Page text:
The holiday season is the best time of the year and the worst time of the year. At the expense of an intense year-end rush at work to get last minute things together in preparation for the new year, you get to enjoy great food and spend time with family and friends. But sometimes, the rush gets too overwhelming and quality time seems out of reach.
This year, let’s try to do a few things differently to find that happy medium.
Benjamin Franklin once said, “If you fail to plan, you are planning to fail.” This applies to both home and work. Develop a system that works for you. If you’re the type of person that needs to plan things down to the minute, do it. If you need to set reminders on your phone, tablet, computer, or all of the above, do it. Try to plan out your day-to-day tasks, weekly tasks and monthly tasks. Leave some room for when other obligations spring up on you or when something doesn’t quite go according to plan, like when the kids come home from school with a cold or an important shipment is delayed due to poor weather conditions. This is something that many people experience; and at the worst times. Have contingency plans prepared and laid out so you don’t completely lose your mind if something goes wrong.
Stay on Track
Okay, so getting organized usually isn’t the problem. It’s the getting off track that gets us into trouble. Some say it isn’t the best idea to open emails in the morning because it will just delay the start of the work day. If you lack self-control, this may be the option for you. However, if you can open your emails and know that an email with the subject line, “SPECIAL OFFER FOR YOU” is something to stay away from, then continue with your morning routine.
When at work, be at work. Focus on work-related tasks, not surfing the internet for a gift for your nice neighbor down the street that you’ve maybe had one or two interactions with. When you’re home, be home. Put the computer away, shut the ringer off on your phone. Focus on your family and the things that will help get everyone into the holiday spirit.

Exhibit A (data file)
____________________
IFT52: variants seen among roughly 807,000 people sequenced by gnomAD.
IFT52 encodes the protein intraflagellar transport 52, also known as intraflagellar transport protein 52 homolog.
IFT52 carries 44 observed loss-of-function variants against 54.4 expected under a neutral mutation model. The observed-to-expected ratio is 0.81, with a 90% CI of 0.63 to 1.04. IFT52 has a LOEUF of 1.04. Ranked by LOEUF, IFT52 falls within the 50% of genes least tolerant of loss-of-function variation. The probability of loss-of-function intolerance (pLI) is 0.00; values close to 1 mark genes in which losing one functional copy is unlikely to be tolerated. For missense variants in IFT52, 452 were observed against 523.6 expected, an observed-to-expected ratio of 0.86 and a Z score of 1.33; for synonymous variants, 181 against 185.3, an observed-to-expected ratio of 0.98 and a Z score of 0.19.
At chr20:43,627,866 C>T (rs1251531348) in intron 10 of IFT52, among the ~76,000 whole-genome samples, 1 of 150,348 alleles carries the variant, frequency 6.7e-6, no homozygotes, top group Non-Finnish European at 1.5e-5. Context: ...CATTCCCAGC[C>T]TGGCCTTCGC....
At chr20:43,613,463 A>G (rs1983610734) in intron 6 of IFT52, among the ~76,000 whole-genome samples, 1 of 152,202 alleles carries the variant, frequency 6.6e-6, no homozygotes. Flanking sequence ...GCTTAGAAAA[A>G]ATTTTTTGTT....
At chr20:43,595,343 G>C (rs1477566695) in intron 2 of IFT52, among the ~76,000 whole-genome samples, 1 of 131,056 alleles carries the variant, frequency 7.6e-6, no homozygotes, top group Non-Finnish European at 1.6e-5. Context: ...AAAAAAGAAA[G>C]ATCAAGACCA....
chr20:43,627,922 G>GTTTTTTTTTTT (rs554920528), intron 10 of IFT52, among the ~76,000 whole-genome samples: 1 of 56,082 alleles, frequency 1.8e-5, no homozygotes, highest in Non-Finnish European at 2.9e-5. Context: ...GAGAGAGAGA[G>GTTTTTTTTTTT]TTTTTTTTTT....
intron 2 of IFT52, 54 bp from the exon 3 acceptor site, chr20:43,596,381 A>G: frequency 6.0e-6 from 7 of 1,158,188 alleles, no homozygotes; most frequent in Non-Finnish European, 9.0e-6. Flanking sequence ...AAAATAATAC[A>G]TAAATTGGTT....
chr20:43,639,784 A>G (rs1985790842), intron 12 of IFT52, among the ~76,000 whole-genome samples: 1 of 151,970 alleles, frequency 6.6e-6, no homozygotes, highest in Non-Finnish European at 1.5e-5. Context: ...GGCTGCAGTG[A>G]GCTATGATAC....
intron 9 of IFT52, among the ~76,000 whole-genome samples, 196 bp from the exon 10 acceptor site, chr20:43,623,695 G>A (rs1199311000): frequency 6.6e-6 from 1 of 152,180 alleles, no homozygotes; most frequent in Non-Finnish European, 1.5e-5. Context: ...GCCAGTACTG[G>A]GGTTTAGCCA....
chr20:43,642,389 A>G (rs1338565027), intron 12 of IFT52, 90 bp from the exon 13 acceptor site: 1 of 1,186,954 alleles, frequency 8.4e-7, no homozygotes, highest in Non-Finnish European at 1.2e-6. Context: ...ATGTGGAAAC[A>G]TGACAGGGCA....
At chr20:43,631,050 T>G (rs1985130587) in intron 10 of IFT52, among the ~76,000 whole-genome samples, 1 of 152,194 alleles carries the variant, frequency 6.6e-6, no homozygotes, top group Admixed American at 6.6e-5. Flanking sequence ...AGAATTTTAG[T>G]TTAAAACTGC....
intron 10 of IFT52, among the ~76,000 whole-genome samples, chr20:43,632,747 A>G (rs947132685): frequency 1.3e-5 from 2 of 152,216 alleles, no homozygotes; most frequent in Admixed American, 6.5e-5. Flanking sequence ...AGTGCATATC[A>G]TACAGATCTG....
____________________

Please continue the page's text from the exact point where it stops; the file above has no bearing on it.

Set “Off” Times
This might be difficult to do because it requires having some assertiveness with others. Whether dealing with employees or fellow basketball moms and dads, designate “on” and “off” hours. These are the times that you are available to take calls or help out. If you designate Tuesday nights from 6 p.m. to 7:30 p.m. to concession at your child’s game, then your employees need to respect that time. If you state that you’ll be at the office and unable to take unrelated calls from 10 a.m. to 4 p.m., people need to respect that. If you get a call during your “off” hours, let it roll over to voicemail. Stick to your own schedule. If you always answer during your “off” hours, people will take notice and they will always call. Now you’re on the 24/7 schedule.
Maintaining a balance between work and life during the holidays is important. Not only for your own sanity, but also for your loved ones. It’s almost like a Catch-22. You want to work hard to provide great times for your family, but you can’t enjoy quality time with your family if you’re working too hard. You plan for things to go one way and it might seem as if they rarely go the way we plan. But it could really be as simple as organizing a schedule that works, with alternative plans put in place; staying on track, even when temptations are alluring; and staying true to a set schedule of “on” and “off” times. Of course, something to remember about the holidays, from both a work and life perspective: the holiday season doesn’t last forever.